Will warning labels change consumers boozy habits? 'I doubt it' says James Watt of Brewdog


By John McCarthy | Media editor

August 11, 2014 | 4 min read

James Watt, co-founder of BrewDog, responding to calls today by an all-party committee of MPs to include health warnings on alcohol packaging, said he'd implement the warnings but doubted it could change some consumer's "unhealthy relationship with alcohol".

Speaking to the Drum, Watt said: “Health warnings on labels are fine as far as we are concerned. We’ll give it a try. But it’s not going to help us achieve what we need to achieve; to redefine alcohol in the UK.

“Giant global alcohol brands have for years flooded living rooms with stack ‘em high, sell ‘em cheap soulless, sub-par ‘booze’ that regards taste and experience as just an underwhelming side-note to getting blind drunk."

Watt added that he was pessimistic that labels would change the way many consumers handle their alcohol: "Is getting the big breweries to stick a health warning on the side of their multimillion pound logos going to stop them actively marketing an unhealthy relationship with alcohol to their unfortunate customers? I doubt it. But a revolution in alcohol labeling could help to lift the veil of spin that still shrouds the industry and even catalyse a new age of consumer awareness.

“As a craft brewery, we have just four ingredients in our beer; malt, hops, yeast and water. Giant mass production breweries are allowed to boast the same without ever having to confirm it on the bottle - it would be interesting to see how many mainstream lager brands could if they were made to.”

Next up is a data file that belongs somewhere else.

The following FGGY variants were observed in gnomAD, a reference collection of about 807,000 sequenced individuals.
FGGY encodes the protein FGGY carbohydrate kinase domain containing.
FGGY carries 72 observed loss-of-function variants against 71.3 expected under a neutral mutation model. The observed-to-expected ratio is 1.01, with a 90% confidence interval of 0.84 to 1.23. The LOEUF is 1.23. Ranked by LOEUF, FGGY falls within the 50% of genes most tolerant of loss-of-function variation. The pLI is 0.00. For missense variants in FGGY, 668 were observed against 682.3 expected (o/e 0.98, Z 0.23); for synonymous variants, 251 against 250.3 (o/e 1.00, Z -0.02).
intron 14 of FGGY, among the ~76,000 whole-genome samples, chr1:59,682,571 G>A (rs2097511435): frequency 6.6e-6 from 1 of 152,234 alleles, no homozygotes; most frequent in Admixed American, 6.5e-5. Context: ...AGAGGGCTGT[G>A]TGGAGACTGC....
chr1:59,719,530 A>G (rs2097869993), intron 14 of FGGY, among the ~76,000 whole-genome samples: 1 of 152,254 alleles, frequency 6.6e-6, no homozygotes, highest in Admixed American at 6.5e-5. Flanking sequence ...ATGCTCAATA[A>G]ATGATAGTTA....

Watt concluded: “Although we think health warnings won’t achieve what it’s hoped they will, we will happily embrace any wider desire for change in an industry that has for too long had its strings pulled by global mega corporations profiting through smoke and mirrors on their labels and advertising campaigns.”

Earlier today, Matthew Charlton, CEO of Brothers and Sisters, wrote for the Drum calling the labelling move "utterly pointless" adding that government resources would be better spent elsewhere.

Earlier this year Watt posted an ‘apology’ to the Portman Group alcohol advertising regulator after an ad was deemed to encourage anti-social behaviour and binge drinking - he said: “I would like to issue a formal apology to the Portman Group for not giving a shit about today’s ruling.


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